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Widescreen pictures are those that are exhibited in a set of aspect ratios (the width-to-height ratio of an image) that are common in cinema, television, and computer screens. Any film picture having a width-to-height aspect ratio higher than the conventional 1.37:1 Academy aspect ratio produced by 35 mm film is referred to as a widescreen picture.

The initial broadcast screen ratio for television was 4:3 fullscreen (1.33:1). 16:9 (1.78:1) widescreen TV displays were more popular throughout the 1990s and the early 2000s, at varied rates in different countries. They’re usually paired with high-definition television (HDTV) receivers, as well as standard-definition (SD) DVD players and other digital television sources.

Aspect ratios greater than 4:3 are referred to as widescreen on computer monitors. Previously, widescreen computer screens were built in a 16:10 aspect ratio (for example, 1680×1050), but currently they are commonly 16:9. (e.g. 1600×900).

The Corbett-Fitzsimmons Fight was the first film to employ widescreen (1897). With a running time of 100 minutes, this was not only the longest film ever made, but it was also the first widescreen film, filmed on 63 mm Eastman material with five perforations per frame.

Widescreen was initially widely employed in the late 1920s in various short films and newsreels, as well as feature films, such as Abel Gance’s Napoleon (1927), which had a closing widescreen sequence in what Gance dubbed Polyvision. Twentieth Century-Fox adapted Claude Autant-picture Lara’s Pour construire un feu (To Build a Fire, 1928) in the early Henri Chretien widescreen method into CinemaScope in 1952.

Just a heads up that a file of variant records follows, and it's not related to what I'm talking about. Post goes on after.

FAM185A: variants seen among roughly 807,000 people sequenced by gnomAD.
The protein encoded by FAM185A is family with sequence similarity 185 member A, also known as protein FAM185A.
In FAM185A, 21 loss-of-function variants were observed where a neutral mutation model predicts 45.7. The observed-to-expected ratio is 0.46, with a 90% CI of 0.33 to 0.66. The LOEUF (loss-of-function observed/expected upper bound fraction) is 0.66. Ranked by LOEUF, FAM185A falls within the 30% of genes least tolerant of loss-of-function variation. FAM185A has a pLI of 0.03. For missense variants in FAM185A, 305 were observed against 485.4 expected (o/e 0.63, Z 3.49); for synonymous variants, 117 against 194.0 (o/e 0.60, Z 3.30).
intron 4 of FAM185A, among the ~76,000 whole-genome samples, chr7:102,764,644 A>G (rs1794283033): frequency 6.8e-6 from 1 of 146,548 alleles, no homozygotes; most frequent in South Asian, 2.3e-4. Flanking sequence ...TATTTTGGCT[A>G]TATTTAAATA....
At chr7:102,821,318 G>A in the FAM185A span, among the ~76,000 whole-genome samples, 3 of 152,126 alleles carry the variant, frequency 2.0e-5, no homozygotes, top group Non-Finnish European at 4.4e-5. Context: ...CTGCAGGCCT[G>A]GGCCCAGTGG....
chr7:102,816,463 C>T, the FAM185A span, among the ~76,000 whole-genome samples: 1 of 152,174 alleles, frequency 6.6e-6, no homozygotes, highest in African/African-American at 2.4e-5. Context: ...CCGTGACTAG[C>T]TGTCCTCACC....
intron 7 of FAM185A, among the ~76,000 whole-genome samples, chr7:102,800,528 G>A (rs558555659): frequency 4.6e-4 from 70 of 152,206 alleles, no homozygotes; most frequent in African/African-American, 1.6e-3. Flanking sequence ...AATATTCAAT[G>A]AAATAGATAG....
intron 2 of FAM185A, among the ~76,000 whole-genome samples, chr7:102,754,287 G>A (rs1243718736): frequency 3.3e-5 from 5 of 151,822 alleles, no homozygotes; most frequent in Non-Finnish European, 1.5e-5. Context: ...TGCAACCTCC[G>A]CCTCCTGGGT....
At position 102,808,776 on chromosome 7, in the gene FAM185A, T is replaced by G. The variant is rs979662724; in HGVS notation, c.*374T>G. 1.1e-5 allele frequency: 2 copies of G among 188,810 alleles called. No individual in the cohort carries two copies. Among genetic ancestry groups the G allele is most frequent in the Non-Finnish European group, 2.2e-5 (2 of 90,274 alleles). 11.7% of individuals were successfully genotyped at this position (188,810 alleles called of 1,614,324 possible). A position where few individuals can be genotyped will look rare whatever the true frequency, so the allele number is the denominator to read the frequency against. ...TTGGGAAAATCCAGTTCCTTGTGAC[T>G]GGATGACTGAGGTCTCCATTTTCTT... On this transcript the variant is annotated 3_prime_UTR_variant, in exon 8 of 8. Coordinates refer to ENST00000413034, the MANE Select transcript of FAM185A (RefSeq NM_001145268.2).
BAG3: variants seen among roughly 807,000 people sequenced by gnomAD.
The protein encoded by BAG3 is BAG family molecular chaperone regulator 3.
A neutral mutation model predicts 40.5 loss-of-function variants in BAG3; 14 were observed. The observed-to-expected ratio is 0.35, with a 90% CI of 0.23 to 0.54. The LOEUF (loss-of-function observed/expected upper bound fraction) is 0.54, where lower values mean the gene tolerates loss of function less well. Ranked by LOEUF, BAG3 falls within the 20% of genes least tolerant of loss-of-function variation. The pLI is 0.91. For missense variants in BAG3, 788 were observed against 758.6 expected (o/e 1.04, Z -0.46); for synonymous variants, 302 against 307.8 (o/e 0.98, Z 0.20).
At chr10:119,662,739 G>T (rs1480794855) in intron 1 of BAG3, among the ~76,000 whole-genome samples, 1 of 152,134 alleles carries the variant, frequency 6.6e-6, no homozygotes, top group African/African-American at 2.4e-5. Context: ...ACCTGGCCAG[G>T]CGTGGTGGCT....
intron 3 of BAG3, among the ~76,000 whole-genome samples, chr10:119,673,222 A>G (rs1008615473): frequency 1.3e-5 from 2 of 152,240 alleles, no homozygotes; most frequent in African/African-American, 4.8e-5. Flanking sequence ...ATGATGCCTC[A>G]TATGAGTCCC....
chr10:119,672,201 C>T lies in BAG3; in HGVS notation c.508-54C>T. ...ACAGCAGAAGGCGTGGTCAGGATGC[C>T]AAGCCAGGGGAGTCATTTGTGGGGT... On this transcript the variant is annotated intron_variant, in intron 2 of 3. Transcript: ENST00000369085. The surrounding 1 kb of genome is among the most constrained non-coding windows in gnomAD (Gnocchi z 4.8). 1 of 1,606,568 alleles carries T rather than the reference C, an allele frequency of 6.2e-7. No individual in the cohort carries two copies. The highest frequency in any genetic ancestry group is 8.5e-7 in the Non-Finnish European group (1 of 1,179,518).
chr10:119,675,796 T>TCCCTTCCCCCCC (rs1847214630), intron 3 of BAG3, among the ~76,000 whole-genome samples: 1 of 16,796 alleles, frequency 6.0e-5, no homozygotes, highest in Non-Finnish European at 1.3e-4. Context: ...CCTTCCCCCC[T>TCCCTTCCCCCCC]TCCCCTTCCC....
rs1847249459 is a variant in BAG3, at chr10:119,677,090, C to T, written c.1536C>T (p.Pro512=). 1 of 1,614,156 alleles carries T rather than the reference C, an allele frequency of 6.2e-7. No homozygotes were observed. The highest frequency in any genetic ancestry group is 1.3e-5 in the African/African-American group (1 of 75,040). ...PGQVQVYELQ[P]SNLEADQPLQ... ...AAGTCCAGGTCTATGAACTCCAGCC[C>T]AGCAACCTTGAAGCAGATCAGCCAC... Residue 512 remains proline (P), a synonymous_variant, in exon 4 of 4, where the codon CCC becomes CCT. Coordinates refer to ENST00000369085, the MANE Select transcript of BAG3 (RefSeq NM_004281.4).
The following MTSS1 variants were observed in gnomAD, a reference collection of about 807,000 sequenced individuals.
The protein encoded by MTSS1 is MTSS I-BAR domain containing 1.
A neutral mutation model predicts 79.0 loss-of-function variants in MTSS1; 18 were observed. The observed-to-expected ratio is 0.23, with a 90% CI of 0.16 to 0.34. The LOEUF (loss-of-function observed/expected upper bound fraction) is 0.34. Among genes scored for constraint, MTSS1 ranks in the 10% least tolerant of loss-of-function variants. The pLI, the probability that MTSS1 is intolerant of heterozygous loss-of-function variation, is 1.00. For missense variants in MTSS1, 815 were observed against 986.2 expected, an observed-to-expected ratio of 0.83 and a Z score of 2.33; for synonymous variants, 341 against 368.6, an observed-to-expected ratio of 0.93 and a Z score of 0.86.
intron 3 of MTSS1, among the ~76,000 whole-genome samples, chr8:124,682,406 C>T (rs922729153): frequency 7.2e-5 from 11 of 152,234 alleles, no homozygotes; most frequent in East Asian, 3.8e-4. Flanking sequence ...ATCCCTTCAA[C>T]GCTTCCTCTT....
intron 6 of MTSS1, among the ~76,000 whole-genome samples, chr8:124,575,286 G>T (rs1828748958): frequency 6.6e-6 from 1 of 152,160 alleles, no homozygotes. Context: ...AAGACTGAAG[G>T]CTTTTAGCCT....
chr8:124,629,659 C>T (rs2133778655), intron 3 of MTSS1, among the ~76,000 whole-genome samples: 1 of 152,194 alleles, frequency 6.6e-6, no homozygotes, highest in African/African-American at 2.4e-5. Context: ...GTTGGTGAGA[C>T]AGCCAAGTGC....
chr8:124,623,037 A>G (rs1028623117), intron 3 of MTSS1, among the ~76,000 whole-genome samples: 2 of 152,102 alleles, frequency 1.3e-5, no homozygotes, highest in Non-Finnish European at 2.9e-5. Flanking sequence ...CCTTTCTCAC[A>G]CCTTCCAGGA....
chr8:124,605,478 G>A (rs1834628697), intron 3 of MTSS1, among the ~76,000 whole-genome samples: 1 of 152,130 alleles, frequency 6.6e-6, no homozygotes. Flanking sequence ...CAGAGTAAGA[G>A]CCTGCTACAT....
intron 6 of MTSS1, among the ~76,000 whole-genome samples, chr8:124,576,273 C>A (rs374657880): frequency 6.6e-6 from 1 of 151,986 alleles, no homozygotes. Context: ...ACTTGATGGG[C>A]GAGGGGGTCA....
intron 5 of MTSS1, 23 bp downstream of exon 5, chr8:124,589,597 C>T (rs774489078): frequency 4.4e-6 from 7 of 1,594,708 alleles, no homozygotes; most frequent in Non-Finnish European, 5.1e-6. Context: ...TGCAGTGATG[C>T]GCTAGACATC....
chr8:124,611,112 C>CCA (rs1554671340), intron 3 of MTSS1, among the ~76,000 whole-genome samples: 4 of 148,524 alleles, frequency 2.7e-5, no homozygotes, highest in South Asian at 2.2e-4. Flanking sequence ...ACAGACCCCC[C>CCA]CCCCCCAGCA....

George K. Spoor and P. John Berggren’s experimental Natural Vision widescreen process used 63.5 mm film and featured a 2:1 aspect ratio. Niagara Falls was featured in a Natural Vision film produced in 1926. The American, also known as The Flag Maker, was made in 1927 using the Natural Vision technique. J. Stuart Blackton directed the film, which featured Bessie Love and Charles Ray, but it was never shown in theaters.

George K. Spoor and P. John Berggren’s experimental Natural Vision widescreen process used 63.5 mm film and featured a 2:1 aspect ratio. Niagara Falls was featured in a Natural Vision film produced in 1926. The American, also known as The Flag Maker, was made in 1927 using the Natural Vision technique. J. Stuart Blackton directed the film, which featured Bessie Love and Charles Ray, but it was never shown in theaters.

In the Fox Grandeur process, Fox Film Corporation published Fox Grandeur News and Fox Movietone Follies of 1929 in New York City on May 26, 1929. Other widescreen films include the musical Happy Days (1929), which premiered on February 13, 1930, at the Roxy Theater in New York City, starring Janet Gaynor and Charles Farrell, with a 12-year-old Betty Grable as a chorus girl; and Song o’ My Heart, a musical feature starring Irish tenor John McCormack and directed by Frank Borzage (Seventh Heaven, A Farewell to Arms), which was shipped from the laundromat in New

On August 21, 1930, RKO Radio Pictures produced Danger Lights, starring Jean Arthur, Louis Wolheim, and Robert Armstrong, in a 65 mm widescreen method called NaturalVision, which was devised by cinema pioneer George K. Spoor. United Artists released The Bat Whispers, directed by Roland West, in a 70 mm widescreen method known as Magnafilm on November 13, 1930. Song of the Flame and Kismet (both 1930) were released in a widescreen format known as Vitascope by Warner Brothers.

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